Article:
It’s graduation time around the United States, and while many speeches are forgettable, some of them stick. Dean James Ryan’s speech at the Harvard Graduate School of Education ceremony was one such speech. Dean Ryan’s central message is that developing an ability for asking good questions is key to one’s path to success and fulfillment. "I would urge you to resist the temptation to have answers at the ready and to spend more time thinking about the right questions to ask,” he says. The entire 24-min speech is here, but it is this six-minute section below that resonates most with me and many others. In this section Ryan says he believes there are five essential questions that we must regularly ask ourselves. Ryan's claim is that, if we get in the habit of asking these questions, we’ll have a great chance of being both successful and happy. And, he says, we’ll be in a better position to answer “I did” to the bonus question at the end of his list of five. (A summary of his list of five follow the video.)
(1) Wait, what?
"Wait what is actually a very effective way of asking for clarification, which is crucial to understanding,” Ryan says. "The wait, which precedes the what, is also a good reminder that it pays to slow down to make sure you truly understand.” Many of us often have an unconscious bias toward information which confirms our own views about the world. In the 21st-century where social media allows completely made up “facts” to be circulated unabated, it's more important than ever to slow down, and to stop, and to question anything which seems too good (or bad) to be true.
(2) I wonder, why/if?
"Asking 'I wonder why' is the way to remain curious about the world, and asking 'I wonder if' is the way to start thinking about how you might improve the world. As in, I wonder why our schools are so segregated, and I wonder if we could change this?” This is perhaps the most fundamental question of all. This is one of the most powerful questions an educated person—regardless of their schooling—can ask. Questions such as: Is it so (I wonder)? Is it really true? How do I know that it’s so? What would happen if__? We begin tackling the really big problems in the world—and the big problems in our personal lives—with the smallest of questions: I wonder why/if?
(3) Couldn’t we at least?
"It’s what enables you to get past disagreement to some consensus, as in 'couldn’t we at least agree that we all care about the welfare of students, even if we disagree about strategy?'” This is a way to obtain some common ground and make progress, no matter how small. Ryan says that it’s also an approach for getting unstuck or for getting started in the first place. I have found this to be a mind-hack of sorts. One of our biggest obstacles to progress in our work is procrastination. Most of us procrastinate because we focus on the enormity of the project or on it’s conclusion, a conclusion about which we are uncertain. So instead of focusing on finishing the project, simply concentrate on getting started instead. Just start it, you tell yourself, don’t worry about how it progresses or about the long road to finish it. Simply start. When you tell yourself that you’ll just get started for a bit and not worry about the size and perceived difficulties of the entire project, it’s very easy to sit down and just have a go at it. Often, we’ll surprise ourselves which just how much progress we make when our only aim was merely to "at least get started."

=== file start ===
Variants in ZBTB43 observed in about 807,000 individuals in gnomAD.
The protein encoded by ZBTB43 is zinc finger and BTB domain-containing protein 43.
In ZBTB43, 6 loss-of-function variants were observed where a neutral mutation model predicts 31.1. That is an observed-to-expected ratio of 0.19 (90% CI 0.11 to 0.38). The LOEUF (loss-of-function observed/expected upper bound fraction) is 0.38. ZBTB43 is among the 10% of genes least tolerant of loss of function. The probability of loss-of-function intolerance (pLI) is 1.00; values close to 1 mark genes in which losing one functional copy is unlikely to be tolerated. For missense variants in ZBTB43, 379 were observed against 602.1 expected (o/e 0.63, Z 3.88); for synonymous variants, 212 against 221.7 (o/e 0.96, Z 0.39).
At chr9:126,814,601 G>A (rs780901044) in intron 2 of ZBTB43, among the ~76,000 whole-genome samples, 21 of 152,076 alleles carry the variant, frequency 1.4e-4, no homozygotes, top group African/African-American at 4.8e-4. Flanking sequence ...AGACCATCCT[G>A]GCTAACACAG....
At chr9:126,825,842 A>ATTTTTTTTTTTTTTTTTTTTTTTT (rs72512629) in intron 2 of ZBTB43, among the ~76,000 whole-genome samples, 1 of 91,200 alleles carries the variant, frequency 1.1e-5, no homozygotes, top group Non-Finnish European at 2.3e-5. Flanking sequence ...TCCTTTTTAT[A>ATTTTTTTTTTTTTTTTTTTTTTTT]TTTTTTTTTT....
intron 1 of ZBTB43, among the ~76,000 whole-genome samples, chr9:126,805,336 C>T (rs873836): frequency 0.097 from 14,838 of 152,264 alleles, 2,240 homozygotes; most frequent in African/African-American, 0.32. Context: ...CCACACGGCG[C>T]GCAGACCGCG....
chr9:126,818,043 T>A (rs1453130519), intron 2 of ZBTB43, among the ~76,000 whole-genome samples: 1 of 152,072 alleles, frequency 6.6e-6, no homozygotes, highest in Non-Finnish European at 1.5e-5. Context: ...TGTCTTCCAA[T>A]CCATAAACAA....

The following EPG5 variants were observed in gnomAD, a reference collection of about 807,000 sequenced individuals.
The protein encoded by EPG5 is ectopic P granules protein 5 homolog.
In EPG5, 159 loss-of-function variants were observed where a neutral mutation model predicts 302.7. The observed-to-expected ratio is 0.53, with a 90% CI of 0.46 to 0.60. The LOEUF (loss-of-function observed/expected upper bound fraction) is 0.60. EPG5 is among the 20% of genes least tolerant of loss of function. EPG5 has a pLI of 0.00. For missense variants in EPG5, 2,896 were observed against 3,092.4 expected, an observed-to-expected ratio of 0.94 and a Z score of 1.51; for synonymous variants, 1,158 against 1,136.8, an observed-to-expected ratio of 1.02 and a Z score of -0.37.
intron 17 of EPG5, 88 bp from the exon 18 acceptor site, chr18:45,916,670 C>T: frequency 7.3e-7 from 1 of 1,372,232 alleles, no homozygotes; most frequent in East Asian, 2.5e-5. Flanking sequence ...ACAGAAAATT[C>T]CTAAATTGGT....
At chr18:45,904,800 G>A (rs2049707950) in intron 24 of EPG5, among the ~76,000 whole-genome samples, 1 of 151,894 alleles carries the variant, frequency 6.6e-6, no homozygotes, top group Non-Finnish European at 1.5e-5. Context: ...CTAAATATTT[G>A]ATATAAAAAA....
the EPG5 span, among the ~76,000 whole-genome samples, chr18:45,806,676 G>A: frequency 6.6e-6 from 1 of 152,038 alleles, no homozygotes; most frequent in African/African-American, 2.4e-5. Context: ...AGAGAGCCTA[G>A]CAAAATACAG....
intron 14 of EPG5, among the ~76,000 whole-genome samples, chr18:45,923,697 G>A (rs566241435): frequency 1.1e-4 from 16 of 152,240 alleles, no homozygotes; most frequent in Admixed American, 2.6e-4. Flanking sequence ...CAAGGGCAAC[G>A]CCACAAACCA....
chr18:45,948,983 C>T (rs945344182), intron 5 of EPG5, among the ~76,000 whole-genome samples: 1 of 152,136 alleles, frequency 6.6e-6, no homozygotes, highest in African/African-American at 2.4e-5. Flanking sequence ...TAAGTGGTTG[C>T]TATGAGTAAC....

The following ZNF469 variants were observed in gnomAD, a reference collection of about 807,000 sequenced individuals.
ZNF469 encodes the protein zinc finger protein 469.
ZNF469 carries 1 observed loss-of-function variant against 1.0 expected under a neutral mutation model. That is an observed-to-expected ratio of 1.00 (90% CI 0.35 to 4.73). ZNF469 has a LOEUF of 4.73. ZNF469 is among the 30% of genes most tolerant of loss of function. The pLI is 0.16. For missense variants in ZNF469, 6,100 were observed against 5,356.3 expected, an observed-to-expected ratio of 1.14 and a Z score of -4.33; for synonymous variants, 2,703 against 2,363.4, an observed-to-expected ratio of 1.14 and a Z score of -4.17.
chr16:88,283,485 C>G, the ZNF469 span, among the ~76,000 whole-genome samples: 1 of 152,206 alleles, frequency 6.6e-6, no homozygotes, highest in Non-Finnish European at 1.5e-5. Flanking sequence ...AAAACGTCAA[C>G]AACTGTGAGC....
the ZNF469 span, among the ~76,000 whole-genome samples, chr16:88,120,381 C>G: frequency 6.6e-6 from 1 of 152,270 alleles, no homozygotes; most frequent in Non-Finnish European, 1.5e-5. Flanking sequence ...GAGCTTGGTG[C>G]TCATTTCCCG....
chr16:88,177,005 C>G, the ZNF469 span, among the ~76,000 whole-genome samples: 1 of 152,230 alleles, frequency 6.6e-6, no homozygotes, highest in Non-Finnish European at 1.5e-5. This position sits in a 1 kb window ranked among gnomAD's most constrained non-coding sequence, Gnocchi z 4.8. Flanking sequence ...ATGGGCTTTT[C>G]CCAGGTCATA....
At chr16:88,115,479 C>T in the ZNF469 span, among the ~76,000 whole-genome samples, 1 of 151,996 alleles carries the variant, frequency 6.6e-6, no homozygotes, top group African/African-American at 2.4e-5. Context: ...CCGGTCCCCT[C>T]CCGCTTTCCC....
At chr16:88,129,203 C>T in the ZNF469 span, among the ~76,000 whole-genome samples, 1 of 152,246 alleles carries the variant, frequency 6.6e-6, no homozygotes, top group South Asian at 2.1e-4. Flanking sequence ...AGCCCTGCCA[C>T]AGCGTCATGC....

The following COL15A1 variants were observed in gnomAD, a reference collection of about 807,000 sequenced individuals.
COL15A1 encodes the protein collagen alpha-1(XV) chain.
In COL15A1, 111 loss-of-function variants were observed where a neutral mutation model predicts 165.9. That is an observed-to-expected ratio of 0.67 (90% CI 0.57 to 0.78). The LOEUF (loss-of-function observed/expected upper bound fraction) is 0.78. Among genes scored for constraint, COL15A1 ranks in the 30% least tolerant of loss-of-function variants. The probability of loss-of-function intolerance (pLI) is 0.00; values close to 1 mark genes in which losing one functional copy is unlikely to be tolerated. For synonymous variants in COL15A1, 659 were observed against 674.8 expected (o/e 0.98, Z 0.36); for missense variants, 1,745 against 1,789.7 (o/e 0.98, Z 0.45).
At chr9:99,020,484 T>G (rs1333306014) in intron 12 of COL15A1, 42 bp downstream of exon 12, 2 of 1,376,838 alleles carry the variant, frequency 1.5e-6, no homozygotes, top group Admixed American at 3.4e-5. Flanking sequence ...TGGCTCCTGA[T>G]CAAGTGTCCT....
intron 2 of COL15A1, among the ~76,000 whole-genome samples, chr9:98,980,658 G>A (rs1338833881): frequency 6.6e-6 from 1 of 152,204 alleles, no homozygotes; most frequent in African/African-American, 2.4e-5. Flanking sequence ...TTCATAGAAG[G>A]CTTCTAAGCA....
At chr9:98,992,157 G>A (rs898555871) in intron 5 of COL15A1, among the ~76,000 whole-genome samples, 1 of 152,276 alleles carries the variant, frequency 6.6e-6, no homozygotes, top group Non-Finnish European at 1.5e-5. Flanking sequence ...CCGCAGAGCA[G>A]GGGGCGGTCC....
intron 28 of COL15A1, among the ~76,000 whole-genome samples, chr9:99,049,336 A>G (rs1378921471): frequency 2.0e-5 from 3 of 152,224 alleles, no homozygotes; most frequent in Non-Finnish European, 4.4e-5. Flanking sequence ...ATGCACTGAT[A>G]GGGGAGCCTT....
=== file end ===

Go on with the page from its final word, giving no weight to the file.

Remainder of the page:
(4) How can I help?
"We shouldn’t let the real pitfalls of the savior complex extinguish one of the most humane instincts there is,” says Ryan, "the instinct to lend a hand.” A yearning to help and to make a difference in the lives of others is what fundamentally drives most of us. But, says Ryan, we must remain humble and truly listen with our eyes, ears, and heart to see where we can help best. “…how we help matters as much as that we do help, and if you ask 'how' you can help, you are asking, with humility, for direction."
(5) What really matters?
"This is the question that forces you to get to the heart of issues and to the heart of your own beliefs and convictions.” This is a question that we need to ask ourselves more than only occasionally. These days, professionals and students are asked to do more (or at least are enticed to do more). It’s easy to get pulled in many directions and to attempt to do too much. I say it a lot but if everything is important to you then nothing is important to you. Life is about making hard choices. This is true for business and it is true in life. We must learn to remove that which is not essential to our answer to the question “What really matters to me?” Clarity, simplicity, and focus are crucial for staying on your own path to what really matters.
Bonus question: “And did you get what you wanted out of life, even so?”
Here Dean Ryan recalls a passage in a poem by Raymond Carver that reads: "And did you get what you wanted out of life, even so?” The “even so” tag, says Ryan, is a reminder that life even at its best is filled with pain, sorrow, and disappointments. Still, even so, are you living a fulfilling life? "My claim is that if you regularly ask: wait, what, I wonder, couldn’t we at least, how can I help, and what really matters, when it comes time to ask yourself 'And did you get what you wanted out of life, even so?' your answer will be I ‘did.'"
• Full speech and transcript